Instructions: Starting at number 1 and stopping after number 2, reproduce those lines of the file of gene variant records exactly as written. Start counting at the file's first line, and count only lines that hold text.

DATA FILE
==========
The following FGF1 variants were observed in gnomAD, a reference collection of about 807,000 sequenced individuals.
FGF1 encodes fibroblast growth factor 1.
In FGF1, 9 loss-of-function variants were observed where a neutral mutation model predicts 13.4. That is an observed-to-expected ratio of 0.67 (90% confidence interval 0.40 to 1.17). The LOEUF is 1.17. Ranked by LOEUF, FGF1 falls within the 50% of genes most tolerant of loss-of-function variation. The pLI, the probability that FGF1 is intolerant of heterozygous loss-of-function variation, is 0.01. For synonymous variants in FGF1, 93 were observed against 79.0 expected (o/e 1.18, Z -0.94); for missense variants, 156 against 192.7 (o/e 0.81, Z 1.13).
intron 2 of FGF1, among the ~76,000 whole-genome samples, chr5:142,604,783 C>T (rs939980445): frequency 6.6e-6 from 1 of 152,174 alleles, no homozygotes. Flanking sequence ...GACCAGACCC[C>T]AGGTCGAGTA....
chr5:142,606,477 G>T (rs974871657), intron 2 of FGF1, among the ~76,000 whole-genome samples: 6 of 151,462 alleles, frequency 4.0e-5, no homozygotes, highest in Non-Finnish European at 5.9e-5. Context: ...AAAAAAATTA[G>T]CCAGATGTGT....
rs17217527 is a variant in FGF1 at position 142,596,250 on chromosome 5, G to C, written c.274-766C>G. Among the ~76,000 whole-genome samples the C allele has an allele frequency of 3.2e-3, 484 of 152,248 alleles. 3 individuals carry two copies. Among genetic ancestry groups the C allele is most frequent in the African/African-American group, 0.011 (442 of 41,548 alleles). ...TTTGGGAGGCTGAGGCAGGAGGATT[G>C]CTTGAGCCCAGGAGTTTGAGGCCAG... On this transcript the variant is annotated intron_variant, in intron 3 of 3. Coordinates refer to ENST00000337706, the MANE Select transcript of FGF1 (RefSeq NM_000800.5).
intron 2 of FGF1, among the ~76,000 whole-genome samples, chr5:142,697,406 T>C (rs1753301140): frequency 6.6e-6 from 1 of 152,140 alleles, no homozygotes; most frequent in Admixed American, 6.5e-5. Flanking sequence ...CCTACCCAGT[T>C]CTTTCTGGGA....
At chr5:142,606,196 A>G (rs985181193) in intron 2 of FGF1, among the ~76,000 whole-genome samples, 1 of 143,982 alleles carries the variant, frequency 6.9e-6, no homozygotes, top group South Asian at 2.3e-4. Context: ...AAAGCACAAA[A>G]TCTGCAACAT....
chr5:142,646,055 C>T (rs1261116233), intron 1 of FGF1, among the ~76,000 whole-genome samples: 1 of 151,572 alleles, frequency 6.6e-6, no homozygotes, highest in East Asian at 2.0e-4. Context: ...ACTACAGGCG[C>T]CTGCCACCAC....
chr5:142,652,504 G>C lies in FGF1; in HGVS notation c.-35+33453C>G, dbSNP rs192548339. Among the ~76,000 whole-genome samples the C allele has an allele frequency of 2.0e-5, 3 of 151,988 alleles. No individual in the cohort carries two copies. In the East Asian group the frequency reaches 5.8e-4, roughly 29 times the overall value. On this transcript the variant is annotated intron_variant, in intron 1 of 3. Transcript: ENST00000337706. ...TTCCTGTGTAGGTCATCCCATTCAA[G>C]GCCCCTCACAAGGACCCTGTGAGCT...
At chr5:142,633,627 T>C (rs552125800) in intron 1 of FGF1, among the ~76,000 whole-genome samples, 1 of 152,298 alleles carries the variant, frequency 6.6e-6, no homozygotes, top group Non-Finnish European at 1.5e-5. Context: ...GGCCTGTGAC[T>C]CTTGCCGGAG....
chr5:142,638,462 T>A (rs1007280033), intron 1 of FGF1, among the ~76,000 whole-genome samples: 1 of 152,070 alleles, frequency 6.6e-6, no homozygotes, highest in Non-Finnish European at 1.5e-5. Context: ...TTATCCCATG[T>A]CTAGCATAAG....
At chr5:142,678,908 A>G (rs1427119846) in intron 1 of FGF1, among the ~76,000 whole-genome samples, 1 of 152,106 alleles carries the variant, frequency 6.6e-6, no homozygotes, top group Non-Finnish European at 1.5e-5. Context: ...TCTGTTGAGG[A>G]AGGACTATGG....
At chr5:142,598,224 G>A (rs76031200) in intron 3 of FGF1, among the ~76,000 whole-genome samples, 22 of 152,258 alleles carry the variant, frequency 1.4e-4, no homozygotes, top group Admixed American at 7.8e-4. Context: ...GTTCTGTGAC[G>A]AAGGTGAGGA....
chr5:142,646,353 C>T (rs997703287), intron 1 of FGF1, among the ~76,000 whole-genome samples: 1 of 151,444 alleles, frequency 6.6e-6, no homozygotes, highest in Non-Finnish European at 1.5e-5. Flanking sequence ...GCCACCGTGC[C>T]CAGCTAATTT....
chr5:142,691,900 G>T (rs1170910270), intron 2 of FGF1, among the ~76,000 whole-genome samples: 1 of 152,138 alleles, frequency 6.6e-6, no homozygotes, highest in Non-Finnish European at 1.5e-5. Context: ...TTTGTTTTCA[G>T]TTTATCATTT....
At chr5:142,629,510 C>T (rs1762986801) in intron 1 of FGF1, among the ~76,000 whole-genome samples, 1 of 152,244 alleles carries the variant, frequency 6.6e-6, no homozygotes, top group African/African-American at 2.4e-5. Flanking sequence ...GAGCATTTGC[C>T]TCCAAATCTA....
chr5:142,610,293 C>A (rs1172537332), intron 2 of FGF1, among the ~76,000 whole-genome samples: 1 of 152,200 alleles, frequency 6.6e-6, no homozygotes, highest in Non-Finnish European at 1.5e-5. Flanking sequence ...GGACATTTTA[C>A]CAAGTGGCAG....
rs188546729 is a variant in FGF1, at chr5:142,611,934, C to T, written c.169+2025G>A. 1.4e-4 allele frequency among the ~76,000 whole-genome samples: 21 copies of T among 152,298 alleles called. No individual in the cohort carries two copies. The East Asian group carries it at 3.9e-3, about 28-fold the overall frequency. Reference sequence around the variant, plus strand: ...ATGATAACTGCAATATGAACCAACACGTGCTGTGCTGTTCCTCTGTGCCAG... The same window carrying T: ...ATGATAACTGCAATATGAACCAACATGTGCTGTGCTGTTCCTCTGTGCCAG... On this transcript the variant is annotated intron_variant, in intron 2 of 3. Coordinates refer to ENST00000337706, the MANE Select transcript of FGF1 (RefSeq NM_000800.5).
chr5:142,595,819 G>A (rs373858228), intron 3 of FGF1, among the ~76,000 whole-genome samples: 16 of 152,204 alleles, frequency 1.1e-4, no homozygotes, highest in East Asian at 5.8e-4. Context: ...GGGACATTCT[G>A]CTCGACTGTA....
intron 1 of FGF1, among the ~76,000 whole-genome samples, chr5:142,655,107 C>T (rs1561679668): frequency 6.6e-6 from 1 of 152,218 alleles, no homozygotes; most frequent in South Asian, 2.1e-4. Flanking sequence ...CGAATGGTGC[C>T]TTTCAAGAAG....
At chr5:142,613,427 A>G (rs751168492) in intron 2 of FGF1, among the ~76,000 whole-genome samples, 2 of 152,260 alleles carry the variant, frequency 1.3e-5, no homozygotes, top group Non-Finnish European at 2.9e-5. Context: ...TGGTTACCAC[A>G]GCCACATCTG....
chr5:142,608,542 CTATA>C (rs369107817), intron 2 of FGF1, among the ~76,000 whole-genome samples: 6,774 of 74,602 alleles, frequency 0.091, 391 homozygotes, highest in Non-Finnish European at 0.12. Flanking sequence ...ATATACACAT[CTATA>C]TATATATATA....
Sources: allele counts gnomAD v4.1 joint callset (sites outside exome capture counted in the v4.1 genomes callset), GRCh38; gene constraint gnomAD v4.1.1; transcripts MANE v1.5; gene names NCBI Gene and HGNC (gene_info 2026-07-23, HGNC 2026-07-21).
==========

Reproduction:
The following FGF1 variants were observed in gnomAD, a reference collection of about 807,000 sequenced individuals.
FGF1 encodes fibroblast growth factor 1.